Adoption Policy Review Group: phase one report

Report on phase one of a two-phase review to look at adoption law and practice, commissioned in April 2001.



Numbers of Looked After Children and Those Placed for Adoption
Numbers of Children Potentially Affected by Adoption

  1. Local authorities send information to the Scottish Executive each year about the numbers of 'looked after' children. Currently just over 11,000 children are 'looked after'. Around 3,000 of these are in foster placements. Just over 1,500 are looked after in residential homes and schools. The majority, 6,500 children, are with families or relatives.
  2. The chart below shows the trends in numbers and placing of 'looked after' children.


    This shows a marked increase in children 'looked after' away from home, particularly in foster care. This would suggest a large demand for permanence away from the family home, some of which may be a need for adoption.

  4. Children become 'looked after' away from home ( see para 7 of Chapter 1) for many reasons. They may be made the subject of a supervision requirement by a Children's Hearing either on welfare or offence grounds. They may be the subject of a Child Protection Order. A warrant may be keeping them in accommodation. Often, they will not be away from home for very long, and/or the reasons may not be about their care and safety. It is clear that adoption will never be an option for many 'looked after' children.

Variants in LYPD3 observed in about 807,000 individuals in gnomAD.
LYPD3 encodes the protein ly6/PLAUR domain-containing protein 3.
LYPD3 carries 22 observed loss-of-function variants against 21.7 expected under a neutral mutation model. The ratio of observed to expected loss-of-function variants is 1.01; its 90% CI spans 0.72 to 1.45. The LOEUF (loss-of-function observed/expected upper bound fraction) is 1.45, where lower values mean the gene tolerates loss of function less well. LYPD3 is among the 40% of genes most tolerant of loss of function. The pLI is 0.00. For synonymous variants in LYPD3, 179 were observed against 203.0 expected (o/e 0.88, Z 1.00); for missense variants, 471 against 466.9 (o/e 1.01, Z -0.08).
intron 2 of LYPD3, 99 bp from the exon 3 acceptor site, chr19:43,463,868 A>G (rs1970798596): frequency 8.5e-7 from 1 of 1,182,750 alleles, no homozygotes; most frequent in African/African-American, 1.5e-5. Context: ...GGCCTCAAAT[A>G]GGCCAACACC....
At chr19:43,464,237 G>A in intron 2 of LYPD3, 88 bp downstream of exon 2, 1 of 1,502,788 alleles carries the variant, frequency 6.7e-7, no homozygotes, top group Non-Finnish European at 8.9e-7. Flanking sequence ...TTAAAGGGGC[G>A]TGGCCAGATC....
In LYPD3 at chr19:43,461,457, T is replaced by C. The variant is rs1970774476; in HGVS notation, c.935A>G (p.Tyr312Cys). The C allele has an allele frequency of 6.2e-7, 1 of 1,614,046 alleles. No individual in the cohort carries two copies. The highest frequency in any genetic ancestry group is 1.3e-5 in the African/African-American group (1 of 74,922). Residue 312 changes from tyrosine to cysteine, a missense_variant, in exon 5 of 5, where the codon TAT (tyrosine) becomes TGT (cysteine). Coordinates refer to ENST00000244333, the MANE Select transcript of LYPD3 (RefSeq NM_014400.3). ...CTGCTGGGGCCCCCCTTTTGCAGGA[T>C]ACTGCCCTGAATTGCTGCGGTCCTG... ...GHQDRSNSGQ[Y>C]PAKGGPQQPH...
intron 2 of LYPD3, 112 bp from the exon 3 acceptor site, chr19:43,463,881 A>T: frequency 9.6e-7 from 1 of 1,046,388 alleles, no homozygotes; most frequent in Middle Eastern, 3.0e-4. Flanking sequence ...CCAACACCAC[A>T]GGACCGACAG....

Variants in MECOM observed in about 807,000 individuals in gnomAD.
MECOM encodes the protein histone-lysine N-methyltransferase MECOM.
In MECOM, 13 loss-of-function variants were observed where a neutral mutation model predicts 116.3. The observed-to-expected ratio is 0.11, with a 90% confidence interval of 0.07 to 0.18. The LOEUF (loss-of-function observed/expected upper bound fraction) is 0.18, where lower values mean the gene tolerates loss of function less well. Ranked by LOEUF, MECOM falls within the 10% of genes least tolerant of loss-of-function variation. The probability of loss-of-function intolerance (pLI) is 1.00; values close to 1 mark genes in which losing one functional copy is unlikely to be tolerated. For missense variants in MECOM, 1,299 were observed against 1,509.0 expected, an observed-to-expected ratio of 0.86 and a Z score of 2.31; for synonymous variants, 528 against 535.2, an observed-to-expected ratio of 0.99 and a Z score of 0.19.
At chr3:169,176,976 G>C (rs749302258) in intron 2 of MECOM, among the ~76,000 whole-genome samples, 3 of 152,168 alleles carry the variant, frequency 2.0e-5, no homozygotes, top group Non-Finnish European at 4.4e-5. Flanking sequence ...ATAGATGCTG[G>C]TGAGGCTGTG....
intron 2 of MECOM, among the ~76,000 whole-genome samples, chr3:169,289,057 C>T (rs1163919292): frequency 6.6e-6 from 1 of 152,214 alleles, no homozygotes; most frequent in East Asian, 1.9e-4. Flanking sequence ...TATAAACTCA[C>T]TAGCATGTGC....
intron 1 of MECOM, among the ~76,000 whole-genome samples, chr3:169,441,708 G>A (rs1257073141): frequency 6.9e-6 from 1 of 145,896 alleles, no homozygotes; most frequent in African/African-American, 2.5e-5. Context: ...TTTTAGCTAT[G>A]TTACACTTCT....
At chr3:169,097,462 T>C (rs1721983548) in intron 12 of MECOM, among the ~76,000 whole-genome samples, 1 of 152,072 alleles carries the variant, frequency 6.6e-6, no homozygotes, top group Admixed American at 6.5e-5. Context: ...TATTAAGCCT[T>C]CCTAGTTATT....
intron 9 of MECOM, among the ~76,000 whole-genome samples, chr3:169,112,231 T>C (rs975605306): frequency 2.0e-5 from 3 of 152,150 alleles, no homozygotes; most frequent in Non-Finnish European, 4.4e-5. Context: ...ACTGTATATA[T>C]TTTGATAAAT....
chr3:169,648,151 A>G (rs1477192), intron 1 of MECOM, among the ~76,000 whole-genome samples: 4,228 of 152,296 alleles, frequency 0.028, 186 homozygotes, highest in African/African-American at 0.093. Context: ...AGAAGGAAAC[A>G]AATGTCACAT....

Percentage of Children Looked After Percentage of Children Adopted From Care


(1) all children
(2) away from home
  1. The table above shows how Scotland compares internationally both on proportions of children 'looked after' away from home and on those 'looked after' children who are adopted.
  2. This shows that more children are adopted in America where policy favours adoption over other forms of permanence. Few children in EU countries are adopted as policy favours continuing links with birth families. Scotland is in line with the UK average for adoptions for children 'looked after' away from home. When compared internationally, a high proportion of children in Scotland are adopted.
  3. The BAAF Scotland (2001) Survey "Achieving Permanence for Children in Scotland - the Place of Adoption" provides baseline data on children awaiting adoption in 1999-2000. 30 out of 32 authorities responded to the survey. Of the 758 children awaiting permanence in 1999-2000:
  • 61 were registered for adoption before April 1999 and not placed;
  • 278 were registered for adoption in 1999-2000;
  • 94 were registered for permanence such as foster care before April 1999 and not placed; and
  • 325 were registered for other forms of permanence in 1999-2000.

    Of these 758 children, 486 were placed in 1999-2000, leaving 272 children not placed - an increase on the previous year of 117.



pie chart



Total registered in 1999-2000


Total brought forward


Total placed


Children not placed